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Statute of Limitation Violation by the State

Posted by John Rutkowski | Sep 09, 2017 | 0 Comments

The trial court erred in denying motion to dismiss charge of lewd or lascivious molestation of child between 12 and 16 years of age based on expiration of statute of limitations where prosecution was not commenced within three years of date underlying incident was first reported to Department of Children and Families, a governmental agency.

The state argued that the limitations period was not triggered until incident was reported to State Attorney's Office, however, that understanding is contrary to plain language of statute.

Although statute also requires the governmental agency that learned of allegation to promptly report allegation to the state attorney, this requirement does not change the start of limitations period.

The state argued for the first time on appeal, that the statute of limitations was not triggered when incident was reported to DCFS case worker because the DCFS report made no specific mention of the precise conduct underlying the charge does not change result because state conceded to trial court that incident was reported to DCFS.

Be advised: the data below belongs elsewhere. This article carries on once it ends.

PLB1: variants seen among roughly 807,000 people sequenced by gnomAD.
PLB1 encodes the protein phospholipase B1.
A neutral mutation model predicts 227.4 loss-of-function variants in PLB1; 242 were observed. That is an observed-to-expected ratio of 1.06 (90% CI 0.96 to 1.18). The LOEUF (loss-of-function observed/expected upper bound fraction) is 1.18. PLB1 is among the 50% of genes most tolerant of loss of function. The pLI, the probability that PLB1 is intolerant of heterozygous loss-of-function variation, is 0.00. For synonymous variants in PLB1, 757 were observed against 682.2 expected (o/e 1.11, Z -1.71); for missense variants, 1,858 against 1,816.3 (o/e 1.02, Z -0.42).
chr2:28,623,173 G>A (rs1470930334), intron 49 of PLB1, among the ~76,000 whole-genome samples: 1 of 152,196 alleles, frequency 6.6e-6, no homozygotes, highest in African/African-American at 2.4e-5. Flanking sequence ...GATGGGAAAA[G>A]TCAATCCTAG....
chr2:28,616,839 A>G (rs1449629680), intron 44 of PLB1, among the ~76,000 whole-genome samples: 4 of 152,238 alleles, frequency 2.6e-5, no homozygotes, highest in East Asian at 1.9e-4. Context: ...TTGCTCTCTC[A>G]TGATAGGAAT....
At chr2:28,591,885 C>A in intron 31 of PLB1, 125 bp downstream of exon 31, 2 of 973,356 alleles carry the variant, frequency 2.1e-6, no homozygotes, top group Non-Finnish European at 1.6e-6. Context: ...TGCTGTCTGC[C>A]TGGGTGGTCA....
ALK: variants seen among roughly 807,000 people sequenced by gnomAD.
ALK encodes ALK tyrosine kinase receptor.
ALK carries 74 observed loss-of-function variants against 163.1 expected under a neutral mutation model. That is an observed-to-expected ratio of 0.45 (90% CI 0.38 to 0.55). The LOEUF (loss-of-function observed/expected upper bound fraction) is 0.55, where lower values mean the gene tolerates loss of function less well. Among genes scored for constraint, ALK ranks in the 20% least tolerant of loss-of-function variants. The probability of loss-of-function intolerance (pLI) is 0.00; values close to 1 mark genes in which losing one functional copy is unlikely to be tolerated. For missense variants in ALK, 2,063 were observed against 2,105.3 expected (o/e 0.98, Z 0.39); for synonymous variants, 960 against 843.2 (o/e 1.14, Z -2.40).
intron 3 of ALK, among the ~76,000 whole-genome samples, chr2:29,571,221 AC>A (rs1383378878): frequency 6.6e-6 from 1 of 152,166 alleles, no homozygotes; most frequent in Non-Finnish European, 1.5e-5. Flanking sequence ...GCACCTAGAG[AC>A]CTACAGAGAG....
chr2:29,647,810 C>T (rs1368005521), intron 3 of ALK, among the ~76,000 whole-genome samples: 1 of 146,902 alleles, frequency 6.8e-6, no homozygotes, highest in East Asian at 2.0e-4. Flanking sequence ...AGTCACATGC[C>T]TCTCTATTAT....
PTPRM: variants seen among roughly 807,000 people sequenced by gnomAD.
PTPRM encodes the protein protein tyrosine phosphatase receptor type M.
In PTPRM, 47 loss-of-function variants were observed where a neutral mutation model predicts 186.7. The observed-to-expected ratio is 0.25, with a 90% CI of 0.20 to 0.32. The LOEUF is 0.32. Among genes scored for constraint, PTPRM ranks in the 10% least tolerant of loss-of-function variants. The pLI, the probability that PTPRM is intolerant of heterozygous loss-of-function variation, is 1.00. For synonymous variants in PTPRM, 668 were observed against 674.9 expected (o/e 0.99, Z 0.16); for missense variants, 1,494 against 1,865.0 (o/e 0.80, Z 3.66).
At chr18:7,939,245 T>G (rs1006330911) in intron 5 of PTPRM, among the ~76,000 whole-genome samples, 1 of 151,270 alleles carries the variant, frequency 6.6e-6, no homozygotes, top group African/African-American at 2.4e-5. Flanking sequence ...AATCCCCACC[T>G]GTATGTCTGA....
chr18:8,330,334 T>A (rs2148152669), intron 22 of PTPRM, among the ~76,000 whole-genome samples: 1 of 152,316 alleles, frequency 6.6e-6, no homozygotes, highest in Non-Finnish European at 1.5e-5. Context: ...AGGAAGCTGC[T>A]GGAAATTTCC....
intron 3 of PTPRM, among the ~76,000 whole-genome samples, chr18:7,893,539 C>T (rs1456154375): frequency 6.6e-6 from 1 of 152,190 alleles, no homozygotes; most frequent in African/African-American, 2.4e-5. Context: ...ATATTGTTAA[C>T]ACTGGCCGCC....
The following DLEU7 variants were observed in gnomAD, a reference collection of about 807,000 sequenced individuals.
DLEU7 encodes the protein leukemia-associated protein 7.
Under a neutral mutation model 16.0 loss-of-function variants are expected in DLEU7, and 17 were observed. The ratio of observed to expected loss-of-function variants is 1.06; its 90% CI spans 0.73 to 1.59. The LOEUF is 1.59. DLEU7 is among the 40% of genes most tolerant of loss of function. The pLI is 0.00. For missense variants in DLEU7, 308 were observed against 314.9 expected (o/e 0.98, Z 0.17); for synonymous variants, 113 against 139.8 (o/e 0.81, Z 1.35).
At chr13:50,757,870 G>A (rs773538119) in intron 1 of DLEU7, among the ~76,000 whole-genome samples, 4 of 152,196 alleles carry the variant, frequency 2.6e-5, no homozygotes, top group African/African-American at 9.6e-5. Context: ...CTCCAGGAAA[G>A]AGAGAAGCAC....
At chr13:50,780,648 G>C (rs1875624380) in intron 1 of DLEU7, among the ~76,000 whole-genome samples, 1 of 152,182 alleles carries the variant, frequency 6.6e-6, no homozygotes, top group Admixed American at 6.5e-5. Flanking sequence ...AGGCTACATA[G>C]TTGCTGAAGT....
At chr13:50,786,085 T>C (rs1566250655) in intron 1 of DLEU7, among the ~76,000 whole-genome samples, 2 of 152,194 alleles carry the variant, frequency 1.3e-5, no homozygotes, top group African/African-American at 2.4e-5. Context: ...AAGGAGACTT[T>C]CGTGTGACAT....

About the Author

John Rutkowski

Mr. Rutkowski has been practicing law for the past twenty years. Prior to practicing law Mr. Rutkowski served twelve years as a deputy sheriff, retiring to attend law school. Starting his law-enforcement career as a patrol deputy which included two years on the DUI squad; Mr. Rutkowski moved up the ranks becoming a corporal in the field training program which give him the responsibility for training new recruits.

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John P. Rutkowski, criminal defense attorney, is focused on all aspects, Criminal Defense, Criminal Appeals, Driving Under the Influence and Traffic law. Contact us today to schedule an initial consultation.

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